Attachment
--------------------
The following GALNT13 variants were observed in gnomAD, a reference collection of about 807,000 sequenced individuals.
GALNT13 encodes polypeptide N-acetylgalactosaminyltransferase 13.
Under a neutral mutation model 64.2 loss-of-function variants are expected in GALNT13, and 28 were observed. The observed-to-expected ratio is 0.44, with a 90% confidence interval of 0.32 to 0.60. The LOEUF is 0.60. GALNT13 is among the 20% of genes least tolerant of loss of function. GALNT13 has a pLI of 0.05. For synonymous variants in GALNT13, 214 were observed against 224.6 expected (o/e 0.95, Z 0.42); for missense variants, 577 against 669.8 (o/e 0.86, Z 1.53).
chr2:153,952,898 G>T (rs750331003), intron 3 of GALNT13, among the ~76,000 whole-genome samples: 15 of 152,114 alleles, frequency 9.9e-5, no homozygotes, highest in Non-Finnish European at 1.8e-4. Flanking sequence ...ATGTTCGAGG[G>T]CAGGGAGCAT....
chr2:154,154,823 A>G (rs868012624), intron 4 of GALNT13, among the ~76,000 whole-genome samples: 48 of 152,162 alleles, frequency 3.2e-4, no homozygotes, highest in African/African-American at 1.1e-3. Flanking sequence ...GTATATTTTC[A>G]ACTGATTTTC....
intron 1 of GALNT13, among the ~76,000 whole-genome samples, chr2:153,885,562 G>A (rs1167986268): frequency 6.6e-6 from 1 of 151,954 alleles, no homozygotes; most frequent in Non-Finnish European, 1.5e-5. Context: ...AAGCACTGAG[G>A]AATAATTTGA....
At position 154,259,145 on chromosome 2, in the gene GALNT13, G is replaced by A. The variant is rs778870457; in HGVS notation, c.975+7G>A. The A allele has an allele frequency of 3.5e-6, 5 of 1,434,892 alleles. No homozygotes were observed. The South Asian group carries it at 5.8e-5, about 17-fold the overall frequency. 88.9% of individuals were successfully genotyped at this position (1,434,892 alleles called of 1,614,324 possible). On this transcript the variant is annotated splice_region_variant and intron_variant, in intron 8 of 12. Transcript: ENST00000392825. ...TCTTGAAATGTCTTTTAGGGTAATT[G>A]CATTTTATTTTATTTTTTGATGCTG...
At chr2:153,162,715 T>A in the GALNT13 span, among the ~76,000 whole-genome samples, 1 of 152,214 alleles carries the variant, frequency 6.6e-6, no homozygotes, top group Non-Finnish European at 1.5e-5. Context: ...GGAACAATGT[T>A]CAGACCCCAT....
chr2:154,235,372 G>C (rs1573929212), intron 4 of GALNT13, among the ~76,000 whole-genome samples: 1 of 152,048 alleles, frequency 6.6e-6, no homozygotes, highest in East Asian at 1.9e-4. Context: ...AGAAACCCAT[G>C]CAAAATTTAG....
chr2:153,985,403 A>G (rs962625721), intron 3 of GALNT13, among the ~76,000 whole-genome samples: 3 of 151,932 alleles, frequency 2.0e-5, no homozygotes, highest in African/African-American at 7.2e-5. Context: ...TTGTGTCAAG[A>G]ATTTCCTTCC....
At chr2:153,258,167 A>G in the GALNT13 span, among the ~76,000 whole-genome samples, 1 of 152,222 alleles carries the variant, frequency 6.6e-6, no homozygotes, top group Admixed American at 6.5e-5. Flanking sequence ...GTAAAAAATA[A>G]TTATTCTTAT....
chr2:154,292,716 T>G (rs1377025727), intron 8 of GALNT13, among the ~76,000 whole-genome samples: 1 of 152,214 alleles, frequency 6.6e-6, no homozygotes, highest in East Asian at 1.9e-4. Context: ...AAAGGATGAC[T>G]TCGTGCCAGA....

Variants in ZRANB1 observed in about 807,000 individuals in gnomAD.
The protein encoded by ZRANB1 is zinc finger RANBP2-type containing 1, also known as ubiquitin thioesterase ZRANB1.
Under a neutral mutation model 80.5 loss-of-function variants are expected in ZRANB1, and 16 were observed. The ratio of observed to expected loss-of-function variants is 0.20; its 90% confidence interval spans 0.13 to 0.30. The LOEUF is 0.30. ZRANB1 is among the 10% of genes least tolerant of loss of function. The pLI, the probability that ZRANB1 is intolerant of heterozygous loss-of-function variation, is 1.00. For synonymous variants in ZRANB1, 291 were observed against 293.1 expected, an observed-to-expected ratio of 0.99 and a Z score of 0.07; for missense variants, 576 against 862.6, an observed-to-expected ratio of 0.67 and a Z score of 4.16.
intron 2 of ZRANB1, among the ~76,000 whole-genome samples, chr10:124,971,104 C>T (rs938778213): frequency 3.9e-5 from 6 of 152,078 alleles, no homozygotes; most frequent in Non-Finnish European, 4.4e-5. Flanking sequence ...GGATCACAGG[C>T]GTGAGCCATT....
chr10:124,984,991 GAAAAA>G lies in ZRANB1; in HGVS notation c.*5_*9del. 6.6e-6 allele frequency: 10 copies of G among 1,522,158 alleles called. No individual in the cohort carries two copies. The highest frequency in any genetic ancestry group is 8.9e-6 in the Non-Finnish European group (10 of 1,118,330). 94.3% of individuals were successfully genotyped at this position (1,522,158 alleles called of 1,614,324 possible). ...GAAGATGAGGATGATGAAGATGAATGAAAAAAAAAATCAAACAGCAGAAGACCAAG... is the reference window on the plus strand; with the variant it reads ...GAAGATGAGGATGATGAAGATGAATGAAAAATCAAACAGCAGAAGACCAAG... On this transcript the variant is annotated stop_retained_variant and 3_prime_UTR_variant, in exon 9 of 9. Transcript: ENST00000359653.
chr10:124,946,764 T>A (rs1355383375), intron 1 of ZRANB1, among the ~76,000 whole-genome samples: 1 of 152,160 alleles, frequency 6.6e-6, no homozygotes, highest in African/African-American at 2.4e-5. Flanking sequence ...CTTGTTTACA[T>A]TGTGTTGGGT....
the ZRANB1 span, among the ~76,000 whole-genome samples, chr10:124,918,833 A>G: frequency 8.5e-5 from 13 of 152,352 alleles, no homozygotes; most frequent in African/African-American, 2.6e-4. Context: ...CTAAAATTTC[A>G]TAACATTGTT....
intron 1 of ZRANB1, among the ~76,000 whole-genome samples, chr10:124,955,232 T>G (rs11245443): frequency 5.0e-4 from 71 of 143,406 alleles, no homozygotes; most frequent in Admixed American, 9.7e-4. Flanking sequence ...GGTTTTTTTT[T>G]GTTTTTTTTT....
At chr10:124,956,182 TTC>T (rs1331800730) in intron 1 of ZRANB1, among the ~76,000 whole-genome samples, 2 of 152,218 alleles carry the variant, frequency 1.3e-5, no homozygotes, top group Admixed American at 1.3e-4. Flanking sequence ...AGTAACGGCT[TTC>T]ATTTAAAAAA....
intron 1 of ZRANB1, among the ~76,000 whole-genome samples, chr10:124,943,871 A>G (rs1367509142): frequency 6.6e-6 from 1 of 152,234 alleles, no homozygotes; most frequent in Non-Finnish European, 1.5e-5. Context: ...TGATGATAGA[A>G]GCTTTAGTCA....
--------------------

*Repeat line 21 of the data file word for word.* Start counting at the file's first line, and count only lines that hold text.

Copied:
At chr10:124,956,182 TTC>T (rs1331800730) in intron 1 of ZRANB1, among the ~76,000 whole-genome samples, 2 of 152,218 alleles carry the variant, frequency 1.3e-5, no homozygotes, top group Admixed American at 1.3e-4. Flanking sequence ...AGTAACGGCT[TTC>T]ATTTAAAAAA....